Congratulations on being farmer of the day. My, you're growing a lot of things. One of my goals is also to provide some sustenance for the birds and bees. I've planted quite a few native flowers and, year after year, they spread and fill in the garden better. I love for the pollinators, and also the butterflies to have somewhere friendly to go.

  • Posted by: SierraTahoeDad on January 7th, 2012 at 06:35 pm

    Congrats on being Farmer of the Day!

  • Posted by: cse on August 19th, 2011 at 04:51 pm

    Thanks for stopping by with congratulations for my farmer of the month win. I'm glad you like the garden. I actually need to update my photos. It's looking a whole lot better now that we have heat!

    Looks like you're growing a lot too. Have fun gardening and here's a vote.

  • Posted by: Dutch Farm on August 18th, 2011 at 07:07 am

    Thanks for the add! I had lavender plants but they have really started to die off :( I think that they don't get enough sun anymore because the trees have grown so big.

  • Posted by: Moonwater on June 23rd, 2011 at 12:52 am

    Hey Ground Breaker!

    How is your garden growing? I'm sorry I have been away for awhile. Yields of lavender-depends on the type. For some it takes only a year to get very bushy and productive-for others 2-3. This is the third year for my main lavender area and we have a good start to the harvest, but I wish I had kept better records for the last two-so I could give more accurate accounts of the amounts. The Angustifolia ( English) varieties have a smaller yield because they are smaller plants, and their oil is used for medicinal and aromatherapy applications. The larger intermedias are used more for soaps and they have a higher yield. I have made a very pleasant mix of some of the sweeter smelling varieties and the resulting oil is pretty amazing in goats milks soap or balm. They all seem to be more productive with a dry, alkaline almost rocky or sandy soil.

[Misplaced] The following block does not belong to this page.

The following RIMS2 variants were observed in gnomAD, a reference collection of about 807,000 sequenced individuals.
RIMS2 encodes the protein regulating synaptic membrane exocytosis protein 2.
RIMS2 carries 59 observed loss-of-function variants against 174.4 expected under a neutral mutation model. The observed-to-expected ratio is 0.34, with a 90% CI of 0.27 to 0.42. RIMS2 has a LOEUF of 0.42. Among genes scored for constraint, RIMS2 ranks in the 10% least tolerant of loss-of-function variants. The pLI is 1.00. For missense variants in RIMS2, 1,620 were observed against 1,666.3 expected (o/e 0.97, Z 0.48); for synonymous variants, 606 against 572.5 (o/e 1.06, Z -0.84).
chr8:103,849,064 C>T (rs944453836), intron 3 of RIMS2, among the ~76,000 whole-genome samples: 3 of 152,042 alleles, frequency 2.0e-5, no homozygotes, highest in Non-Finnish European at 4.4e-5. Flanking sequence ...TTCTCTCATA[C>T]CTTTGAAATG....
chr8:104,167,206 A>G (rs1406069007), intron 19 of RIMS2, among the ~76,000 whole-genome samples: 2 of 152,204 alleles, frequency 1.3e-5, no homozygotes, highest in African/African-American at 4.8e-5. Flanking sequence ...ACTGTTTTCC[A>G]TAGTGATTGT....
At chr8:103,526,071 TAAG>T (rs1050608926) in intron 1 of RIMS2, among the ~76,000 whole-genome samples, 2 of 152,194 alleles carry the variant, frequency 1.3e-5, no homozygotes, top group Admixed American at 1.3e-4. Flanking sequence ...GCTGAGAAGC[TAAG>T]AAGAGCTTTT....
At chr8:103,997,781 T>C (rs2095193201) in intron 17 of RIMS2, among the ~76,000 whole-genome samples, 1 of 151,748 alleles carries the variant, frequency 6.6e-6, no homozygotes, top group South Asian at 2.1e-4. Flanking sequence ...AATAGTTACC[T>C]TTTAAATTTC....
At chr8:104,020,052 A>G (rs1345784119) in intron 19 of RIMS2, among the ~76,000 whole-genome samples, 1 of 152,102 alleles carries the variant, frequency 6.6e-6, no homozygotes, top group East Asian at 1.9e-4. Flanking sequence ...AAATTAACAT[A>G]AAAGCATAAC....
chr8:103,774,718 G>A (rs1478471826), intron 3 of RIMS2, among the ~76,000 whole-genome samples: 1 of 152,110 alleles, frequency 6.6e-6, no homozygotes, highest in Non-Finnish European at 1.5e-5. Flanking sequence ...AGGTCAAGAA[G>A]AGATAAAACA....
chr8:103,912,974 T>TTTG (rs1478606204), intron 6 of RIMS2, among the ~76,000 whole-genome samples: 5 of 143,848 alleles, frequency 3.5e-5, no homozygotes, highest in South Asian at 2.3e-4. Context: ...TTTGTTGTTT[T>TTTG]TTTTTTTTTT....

• Posted by: on June 1st, 2011 at 01:08 pm

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  • Posted by: Nebraska Dave on February 21st, 2011 at 06:52 am

    Moon Water, Things around the urban ranch have been a little busy the last couple weeks. For a week I helped some friends with electrical wiring for some ceiling lights. We removed three fluorescent lights and replaced them with 15 can lights. We split a circuit off an existing circuit to a circuit of its own and wired in a new circuit as well. It did turn out really well.